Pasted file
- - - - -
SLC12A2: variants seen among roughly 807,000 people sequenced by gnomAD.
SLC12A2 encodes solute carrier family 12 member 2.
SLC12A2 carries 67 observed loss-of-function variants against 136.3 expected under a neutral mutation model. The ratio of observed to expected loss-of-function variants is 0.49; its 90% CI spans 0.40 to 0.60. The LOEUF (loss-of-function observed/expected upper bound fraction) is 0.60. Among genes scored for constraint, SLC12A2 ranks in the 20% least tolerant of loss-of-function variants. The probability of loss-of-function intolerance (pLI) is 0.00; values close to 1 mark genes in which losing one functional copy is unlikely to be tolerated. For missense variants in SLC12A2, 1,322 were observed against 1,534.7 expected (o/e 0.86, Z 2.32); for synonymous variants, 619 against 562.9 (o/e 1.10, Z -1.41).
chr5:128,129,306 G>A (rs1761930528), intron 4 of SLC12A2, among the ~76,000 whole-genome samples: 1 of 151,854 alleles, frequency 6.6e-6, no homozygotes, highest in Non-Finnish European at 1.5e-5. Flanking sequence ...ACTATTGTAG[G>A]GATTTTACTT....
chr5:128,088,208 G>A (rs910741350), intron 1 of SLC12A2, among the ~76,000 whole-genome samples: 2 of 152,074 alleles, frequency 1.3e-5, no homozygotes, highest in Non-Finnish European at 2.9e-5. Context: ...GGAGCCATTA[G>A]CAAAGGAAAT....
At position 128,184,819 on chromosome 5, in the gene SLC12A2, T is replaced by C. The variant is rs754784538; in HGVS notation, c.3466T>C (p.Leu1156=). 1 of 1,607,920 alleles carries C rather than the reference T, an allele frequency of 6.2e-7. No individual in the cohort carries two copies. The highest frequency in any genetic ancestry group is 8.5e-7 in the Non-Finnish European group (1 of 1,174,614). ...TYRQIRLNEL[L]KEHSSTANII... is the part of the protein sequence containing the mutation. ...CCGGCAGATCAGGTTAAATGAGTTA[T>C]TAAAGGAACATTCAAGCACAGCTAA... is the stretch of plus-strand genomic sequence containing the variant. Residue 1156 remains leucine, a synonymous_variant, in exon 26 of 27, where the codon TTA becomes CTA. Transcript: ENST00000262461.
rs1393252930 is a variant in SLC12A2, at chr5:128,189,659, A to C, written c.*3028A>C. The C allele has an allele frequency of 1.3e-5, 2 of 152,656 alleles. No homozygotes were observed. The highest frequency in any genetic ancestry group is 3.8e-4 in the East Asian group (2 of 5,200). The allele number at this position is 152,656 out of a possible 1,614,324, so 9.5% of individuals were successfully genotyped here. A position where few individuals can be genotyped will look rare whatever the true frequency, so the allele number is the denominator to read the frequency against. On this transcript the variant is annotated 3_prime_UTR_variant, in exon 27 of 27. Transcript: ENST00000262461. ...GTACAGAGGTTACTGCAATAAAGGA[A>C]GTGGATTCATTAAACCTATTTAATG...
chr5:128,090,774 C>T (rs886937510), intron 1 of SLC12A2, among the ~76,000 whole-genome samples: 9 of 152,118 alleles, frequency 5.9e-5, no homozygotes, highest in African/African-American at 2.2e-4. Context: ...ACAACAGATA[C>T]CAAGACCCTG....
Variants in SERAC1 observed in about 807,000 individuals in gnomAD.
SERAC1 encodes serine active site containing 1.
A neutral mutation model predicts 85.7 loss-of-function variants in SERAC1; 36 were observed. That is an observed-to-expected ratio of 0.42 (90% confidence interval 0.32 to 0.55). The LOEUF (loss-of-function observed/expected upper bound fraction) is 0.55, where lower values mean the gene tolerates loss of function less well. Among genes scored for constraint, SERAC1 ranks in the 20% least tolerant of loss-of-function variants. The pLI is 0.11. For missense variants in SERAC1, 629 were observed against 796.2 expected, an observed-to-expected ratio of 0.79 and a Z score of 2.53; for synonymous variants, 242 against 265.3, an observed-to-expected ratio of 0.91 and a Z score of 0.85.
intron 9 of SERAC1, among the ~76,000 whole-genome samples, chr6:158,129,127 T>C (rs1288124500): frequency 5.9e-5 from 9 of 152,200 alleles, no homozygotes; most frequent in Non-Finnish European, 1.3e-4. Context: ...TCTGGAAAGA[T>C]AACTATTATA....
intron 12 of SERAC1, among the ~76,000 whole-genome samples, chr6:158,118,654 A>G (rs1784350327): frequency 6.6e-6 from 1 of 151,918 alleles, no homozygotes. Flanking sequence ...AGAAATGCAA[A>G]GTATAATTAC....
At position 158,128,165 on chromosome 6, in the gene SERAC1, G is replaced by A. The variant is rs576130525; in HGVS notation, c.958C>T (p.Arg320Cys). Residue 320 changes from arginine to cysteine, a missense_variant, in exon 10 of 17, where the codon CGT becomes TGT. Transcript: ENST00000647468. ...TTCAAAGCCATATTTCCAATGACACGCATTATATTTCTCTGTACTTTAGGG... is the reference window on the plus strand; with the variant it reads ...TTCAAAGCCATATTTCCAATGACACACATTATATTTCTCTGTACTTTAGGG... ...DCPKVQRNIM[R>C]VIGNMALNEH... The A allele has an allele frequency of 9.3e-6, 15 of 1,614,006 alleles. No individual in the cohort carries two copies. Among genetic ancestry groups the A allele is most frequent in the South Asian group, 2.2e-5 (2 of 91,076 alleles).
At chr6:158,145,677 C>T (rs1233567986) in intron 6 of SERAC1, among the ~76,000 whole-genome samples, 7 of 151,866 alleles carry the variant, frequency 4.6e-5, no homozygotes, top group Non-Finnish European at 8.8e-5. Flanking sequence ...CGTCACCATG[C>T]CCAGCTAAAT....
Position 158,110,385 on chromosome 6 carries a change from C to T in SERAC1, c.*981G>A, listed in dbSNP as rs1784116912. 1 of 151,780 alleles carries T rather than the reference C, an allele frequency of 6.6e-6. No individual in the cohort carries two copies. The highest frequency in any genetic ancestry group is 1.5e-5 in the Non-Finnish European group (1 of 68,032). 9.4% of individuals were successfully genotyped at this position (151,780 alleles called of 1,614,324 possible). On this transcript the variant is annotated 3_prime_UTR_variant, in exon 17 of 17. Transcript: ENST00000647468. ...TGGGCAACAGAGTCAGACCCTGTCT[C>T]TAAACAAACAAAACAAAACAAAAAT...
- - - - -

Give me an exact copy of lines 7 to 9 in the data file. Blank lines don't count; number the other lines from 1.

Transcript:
rs1393252930 is a variant in SLC12A2, at chr5:128,189,659, A to C, written c.*3028A>C. The C allele has an allele frequency of 1.3e-5, 2 of 152,656 alleles. No homozygotes were observed. The highest frequency in any genetic ancestry group is 3.8e-4 in the East Asian group (2 of 5,200). The allele number at this position is 152,656 out of a possible 1,614,324, so 9.5% of individuals were successfully genotyped here. A position where few individuals can be genotyped will look rare whatever the true frequency, so the allele number is the denominator to read the frequency against. On this transcript the variant is annotated 3_prime_UTR_variant, in exon 27 of 27. Transcript: ENST00000262461. ...GTACAGAGGTTACTGCAATAAAGGA[A>C]GTGGATTCATTAAACCTATTTAATG...
chr5:128,090,774 C>T (rs886937510), intron 1 of SLC12A2, among the ~76,000 whole-genome samples: 9 of 152,118 alleles, frequency 5.9e-5, no homozygotes, highest in African/African-American at 2.2e-4. Context: ...ACAACAGATA[C>T]CAAGACCCTG....
Variants in SERAC1 observed in about 807,000 individuals in gnomAD.